Temperature drift of the octave interval is the problem that most people mean when they say that analogue synthesizers go out of tune. Trying to match two exponential curves means that two interdependent parameters need to be changed: the offset and the scaling.
The offset sets the lowest frequency that the VCO will produce, whilst the scaling sets the octave interval to get the doubling of frequency for each successive octave. On a monophonic instrument this is not so hard, and any slight errors only help to make it sound lively and interesting. For polyphonic analogue synthesizers, this process can be very time consuming and very tedious. With lots of VCOs to try and adjust, the problem can begin to approach piano tuning in its complexity.
One method used to provide an 'automatic' tuning facility for polyphonic analogue synthesizers was introduced in the late 1970s. A microprocessor was used to measure the frequencies generated by each VCO at several points in its range and then work out the offset and scaling correction CVs. Because of the complexity of this type of tuning correction, and its dependence on a closed system, it has never been successfully applied to a modular synthesizer. (Autotuning is covered in more detail in Section 4.3.)
High-frequency tracking is the tendency of analogue VCOs to go 'flat' in pitch at the upper end of their range. This is normally most noticeable when two or more VCOs are tuned several octaves apart, and although often present in a single VCO synthesizers, is only apparent when they are used in conjunction with other instruments.
Most VCOs use a constant current source and an integrator circuit to generate a rising voltage and resetting the integrator when the output reaches a given voltage. This produces a 'sawtooth' waveform. The higher the current, the faster the voltage rises, and the sooner it will be reset, which produces a higher-frequency sawtooth waveform.
At low frequencies, the time it takes to reset the integrator is not significant in comparison with the time for the voltage to rise. But at high frequencies the reset time becomes more significant until eventually the waveform can become triangular in shape, which means that only one part of the waveform is actually controlled by the current source, and so the oscillator is not producing enough high frequency (Figure 3.7.1). Some VCO designs generate a triangular waveform as the basic waveform and so do not suffer from this problem.
FIGURE 3.7.1 At low frequencies, the rising part of the sawtooth waveform is much longer than the fixed reset time. But at higher frequencies, the reset time becomes a significant proportion of the cycle time of the waveform and so the frequency is lower than it should be. This high-frequency tracking problem needs to be compensated for in the CV circuitry of the VCO.
Controllers are another source of tuning instability. The stability of the pitch produced by a VCO is dependent on the CVs that it receives. So anything mechanical that produces a CV can be a source of problem.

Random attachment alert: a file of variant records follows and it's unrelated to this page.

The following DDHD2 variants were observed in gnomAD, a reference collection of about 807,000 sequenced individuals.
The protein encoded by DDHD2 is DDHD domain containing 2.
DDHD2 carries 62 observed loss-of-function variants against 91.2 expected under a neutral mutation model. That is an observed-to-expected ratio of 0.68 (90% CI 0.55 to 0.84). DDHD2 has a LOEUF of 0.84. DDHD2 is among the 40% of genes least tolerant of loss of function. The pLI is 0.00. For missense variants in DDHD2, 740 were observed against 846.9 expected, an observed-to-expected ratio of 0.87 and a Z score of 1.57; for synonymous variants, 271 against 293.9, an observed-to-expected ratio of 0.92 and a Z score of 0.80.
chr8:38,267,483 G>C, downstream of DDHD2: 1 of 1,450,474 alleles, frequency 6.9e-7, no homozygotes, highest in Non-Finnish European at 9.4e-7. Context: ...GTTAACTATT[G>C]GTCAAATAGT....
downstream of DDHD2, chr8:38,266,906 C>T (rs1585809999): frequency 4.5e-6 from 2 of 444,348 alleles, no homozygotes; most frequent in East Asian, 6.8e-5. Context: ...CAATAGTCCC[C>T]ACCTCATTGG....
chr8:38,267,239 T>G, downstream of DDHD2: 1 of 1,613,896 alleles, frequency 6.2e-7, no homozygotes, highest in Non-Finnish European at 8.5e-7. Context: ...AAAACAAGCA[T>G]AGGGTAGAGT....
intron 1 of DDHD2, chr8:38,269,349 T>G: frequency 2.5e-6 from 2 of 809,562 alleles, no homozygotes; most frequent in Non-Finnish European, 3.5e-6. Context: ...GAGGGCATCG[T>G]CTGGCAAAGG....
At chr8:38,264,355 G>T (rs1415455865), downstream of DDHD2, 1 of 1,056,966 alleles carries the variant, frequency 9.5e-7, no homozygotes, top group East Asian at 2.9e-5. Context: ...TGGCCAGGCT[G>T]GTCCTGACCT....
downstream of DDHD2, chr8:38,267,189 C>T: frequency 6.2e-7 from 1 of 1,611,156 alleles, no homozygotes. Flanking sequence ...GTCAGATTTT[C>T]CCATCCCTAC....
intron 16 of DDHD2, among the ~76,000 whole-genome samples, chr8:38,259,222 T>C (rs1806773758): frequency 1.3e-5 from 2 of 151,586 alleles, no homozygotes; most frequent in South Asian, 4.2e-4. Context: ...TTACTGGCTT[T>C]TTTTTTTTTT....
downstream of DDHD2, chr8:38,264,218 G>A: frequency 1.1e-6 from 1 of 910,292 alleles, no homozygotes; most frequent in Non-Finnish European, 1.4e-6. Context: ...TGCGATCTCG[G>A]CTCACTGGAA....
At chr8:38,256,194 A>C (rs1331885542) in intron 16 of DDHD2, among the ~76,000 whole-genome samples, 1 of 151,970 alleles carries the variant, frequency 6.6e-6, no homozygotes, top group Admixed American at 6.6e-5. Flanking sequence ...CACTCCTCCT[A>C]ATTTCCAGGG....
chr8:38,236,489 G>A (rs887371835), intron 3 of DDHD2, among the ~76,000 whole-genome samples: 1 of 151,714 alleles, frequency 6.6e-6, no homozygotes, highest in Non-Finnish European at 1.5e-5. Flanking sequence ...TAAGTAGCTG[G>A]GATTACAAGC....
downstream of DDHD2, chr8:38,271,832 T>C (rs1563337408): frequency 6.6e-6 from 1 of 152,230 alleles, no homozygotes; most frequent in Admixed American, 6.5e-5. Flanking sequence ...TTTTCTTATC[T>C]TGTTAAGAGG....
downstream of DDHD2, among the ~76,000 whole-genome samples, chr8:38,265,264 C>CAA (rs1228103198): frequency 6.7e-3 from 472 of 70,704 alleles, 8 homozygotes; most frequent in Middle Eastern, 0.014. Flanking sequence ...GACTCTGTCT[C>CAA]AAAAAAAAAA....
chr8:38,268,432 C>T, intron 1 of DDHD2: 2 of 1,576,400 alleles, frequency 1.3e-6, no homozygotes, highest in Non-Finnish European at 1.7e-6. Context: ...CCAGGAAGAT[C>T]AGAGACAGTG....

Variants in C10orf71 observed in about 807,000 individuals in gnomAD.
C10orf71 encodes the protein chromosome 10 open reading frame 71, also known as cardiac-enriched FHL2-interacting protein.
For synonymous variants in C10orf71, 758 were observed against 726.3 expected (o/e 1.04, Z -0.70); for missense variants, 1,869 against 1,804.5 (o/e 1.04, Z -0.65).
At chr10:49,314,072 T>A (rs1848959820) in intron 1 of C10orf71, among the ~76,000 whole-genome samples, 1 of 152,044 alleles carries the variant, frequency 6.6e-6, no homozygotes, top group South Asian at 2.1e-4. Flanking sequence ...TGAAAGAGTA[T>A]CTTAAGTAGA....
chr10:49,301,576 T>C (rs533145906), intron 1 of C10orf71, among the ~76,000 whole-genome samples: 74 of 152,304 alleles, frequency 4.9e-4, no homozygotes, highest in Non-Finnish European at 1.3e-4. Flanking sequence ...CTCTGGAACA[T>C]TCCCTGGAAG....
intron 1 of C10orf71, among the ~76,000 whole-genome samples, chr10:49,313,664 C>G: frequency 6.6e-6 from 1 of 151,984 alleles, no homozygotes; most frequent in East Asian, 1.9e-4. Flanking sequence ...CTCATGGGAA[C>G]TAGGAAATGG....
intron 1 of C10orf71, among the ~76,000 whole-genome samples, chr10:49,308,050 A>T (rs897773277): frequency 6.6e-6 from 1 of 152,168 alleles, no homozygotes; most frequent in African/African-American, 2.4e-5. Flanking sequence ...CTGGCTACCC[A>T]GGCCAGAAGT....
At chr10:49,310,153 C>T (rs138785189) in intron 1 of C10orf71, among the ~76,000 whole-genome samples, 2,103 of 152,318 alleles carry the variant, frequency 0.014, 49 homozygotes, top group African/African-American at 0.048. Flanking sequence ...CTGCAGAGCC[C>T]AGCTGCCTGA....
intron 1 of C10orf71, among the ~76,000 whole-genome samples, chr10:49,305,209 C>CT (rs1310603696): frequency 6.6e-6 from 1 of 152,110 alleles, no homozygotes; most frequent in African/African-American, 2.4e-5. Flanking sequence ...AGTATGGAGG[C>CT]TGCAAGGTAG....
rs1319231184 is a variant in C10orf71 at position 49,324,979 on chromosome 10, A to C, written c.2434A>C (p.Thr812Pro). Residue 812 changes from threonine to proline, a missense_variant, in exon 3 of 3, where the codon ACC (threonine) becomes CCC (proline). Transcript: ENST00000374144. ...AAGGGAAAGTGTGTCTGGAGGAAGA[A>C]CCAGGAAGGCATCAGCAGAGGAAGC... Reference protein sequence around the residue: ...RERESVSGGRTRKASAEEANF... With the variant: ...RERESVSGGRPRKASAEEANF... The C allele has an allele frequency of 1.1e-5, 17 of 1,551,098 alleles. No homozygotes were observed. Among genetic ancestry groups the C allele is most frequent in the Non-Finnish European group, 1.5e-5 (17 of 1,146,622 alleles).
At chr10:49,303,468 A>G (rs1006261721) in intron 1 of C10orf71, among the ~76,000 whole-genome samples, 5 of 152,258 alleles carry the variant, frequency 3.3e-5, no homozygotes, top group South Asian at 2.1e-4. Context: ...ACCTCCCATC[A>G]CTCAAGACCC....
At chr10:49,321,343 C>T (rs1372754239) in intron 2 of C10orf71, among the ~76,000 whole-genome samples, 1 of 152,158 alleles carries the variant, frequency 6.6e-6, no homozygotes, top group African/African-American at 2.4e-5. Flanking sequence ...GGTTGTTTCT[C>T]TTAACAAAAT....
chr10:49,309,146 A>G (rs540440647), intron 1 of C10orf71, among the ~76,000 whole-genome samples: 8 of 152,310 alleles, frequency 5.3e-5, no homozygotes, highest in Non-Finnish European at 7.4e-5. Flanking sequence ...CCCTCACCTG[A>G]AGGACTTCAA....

Slider controls are one example of a mechanical control, which can be prone to movement with vibration, whilst pitch-bend devices with poor detents can cause similar 'mechanical' tuning problems. The detent mechanism varies. One popular method involves using the pitch-bend wheel itself – it has two of the finger notches opposite to each other. One is used to help the user's fingers grip the wheel, whilst the other is used to provide the detent – a spring steel cam follower clicks into place when it is in the detent and pops out again when the wheel is moved. This can wear, and produce wheels which do not click into position very reliably, which can mean that the whole instrument is then put out of tune.
3.7.2 Voltage control
As has already been mentioned several times, despite the name, most of the electronic circuitry used in synthesizers is actually controlled by currents, not voltage! The voltages that are visible in the patch-cords in the outside world are converted into currents inside the synthesizers and the control is achieved using these currents. Two 'standards' are in common usage:
- 1 volt/octave
The 1-volt/octave system uses a linear relationship between the CV and pitch, which in practice means that there is a logarithmic relationship between voltage and frequency. This means that small changes in voltage become more significant at higher frequencies – just where small changes in pitch might become significant and audible as tuning problems. A 0- to 15-volt control signal can be used to control a pitch change of 15 octaves.
The exponential system uses a linear relationship between the CV and the frequency. Because this method provides more resolution at high frequencies, it can be argued that it is a superior method to the 1-volt/octave system, since minor tuning errors at low frequencies are less objectionable. If the highest CV is 15 volts, then one octave down is 7.5, then 3.45, 1.875, 0.9375, 0.468,75, 0.234,375, 0.117,187,5, 0.058,593,75, and so on …, halving each time. Note that just eight octaves down a voltage change of 58 millivolts is equivalent to an octave of pitch change.
Despite the apparent advantage of the exponential system, the most popular method was the 1-volt/octave system. Conversion boxes that enabled interworking between these two systems were available in the 1970s and 1980s, but they are very rare now.